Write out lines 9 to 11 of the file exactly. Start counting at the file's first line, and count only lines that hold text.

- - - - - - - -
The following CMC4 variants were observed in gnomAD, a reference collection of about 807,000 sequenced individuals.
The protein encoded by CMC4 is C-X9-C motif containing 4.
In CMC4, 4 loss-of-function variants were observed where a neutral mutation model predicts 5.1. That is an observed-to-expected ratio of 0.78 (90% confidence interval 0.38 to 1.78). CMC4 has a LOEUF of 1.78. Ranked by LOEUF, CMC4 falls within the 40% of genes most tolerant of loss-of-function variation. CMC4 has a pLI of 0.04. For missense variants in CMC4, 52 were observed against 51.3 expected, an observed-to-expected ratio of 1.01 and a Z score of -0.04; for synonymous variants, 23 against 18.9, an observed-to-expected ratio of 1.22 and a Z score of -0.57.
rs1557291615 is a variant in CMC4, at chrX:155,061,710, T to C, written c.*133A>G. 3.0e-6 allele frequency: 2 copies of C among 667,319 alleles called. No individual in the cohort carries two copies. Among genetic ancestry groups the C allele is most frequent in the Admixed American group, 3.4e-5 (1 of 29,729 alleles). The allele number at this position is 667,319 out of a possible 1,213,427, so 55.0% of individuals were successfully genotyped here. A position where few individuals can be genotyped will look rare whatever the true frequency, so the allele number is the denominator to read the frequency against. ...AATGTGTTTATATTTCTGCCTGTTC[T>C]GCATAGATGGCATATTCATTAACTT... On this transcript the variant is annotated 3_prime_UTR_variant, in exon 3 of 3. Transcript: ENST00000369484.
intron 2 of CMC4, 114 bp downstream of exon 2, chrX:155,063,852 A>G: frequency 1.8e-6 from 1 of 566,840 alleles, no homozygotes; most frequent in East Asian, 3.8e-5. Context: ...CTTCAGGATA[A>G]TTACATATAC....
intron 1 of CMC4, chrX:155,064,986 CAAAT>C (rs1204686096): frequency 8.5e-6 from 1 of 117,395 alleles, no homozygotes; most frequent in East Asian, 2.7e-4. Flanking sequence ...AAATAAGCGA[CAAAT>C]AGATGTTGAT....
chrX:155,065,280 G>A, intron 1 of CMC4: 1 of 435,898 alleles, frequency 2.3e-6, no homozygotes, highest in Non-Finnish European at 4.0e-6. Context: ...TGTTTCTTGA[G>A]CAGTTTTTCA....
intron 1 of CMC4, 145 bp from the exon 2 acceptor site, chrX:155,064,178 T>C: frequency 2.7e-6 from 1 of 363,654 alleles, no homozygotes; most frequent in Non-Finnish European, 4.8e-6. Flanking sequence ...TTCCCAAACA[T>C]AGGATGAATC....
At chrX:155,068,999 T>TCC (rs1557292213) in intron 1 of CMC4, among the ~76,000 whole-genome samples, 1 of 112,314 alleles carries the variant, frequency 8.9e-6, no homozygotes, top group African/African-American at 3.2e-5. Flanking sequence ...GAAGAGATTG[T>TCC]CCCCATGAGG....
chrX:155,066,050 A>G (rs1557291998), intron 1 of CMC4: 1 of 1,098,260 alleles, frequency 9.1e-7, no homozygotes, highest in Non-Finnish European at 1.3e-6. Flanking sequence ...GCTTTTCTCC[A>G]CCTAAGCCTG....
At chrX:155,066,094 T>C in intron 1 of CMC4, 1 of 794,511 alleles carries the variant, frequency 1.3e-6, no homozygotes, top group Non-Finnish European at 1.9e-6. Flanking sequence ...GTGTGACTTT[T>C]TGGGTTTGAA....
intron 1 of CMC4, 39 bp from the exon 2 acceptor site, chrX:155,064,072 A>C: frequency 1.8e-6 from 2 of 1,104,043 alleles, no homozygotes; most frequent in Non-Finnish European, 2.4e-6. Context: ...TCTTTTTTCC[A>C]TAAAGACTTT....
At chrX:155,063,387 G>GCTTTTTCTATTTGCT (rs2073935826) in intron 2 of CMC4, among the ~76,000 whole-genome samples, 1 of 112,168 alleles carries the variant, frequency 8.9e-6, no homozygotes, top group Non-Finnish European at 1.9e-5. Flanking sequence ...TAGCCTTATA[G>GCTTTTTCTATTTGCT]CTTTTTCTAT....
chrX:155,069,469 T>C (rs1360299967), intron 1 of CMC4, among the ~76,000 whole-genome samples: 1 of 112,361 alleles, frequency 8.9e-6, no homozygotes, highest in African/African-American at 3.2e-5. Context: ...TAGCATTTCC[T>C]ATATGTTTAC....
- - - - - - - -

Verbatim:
At chrX:155,068,999 T>TCC (rs1557292213) in intron 1 of CMC4, among the ~76,000 whole-genome samples, 1 of 112,314 alleles carries the variant, frequency 8.9e-6, no homozygotes, top group African/African-American at 3.2e-5. Flanking sequence ...GAAGAGATTG[T>TCC]CCCCATGAGG....
chrX:155,066,050 A>G (rs1557291998), intron 1 of CMC4: 1 of 1,098,260 alleles, frequency 9.1e-7, no homozygotes, highest in Non-Finnish European at 1.3e-6. Flanking sequence ...GCTTTTCTCC[A>G]CCTAAGCCTG....
At chrX:155,066,094 T>C in intron 1 of CMC4, 1 of 794,511 alleles carries the variant, frequency 1.3e-6, no homozygotes, top group Non-Finnish European at 1.9e-6. Flanking sequence ...GTGTGACTTT[T>C]TGGGTTTGAA....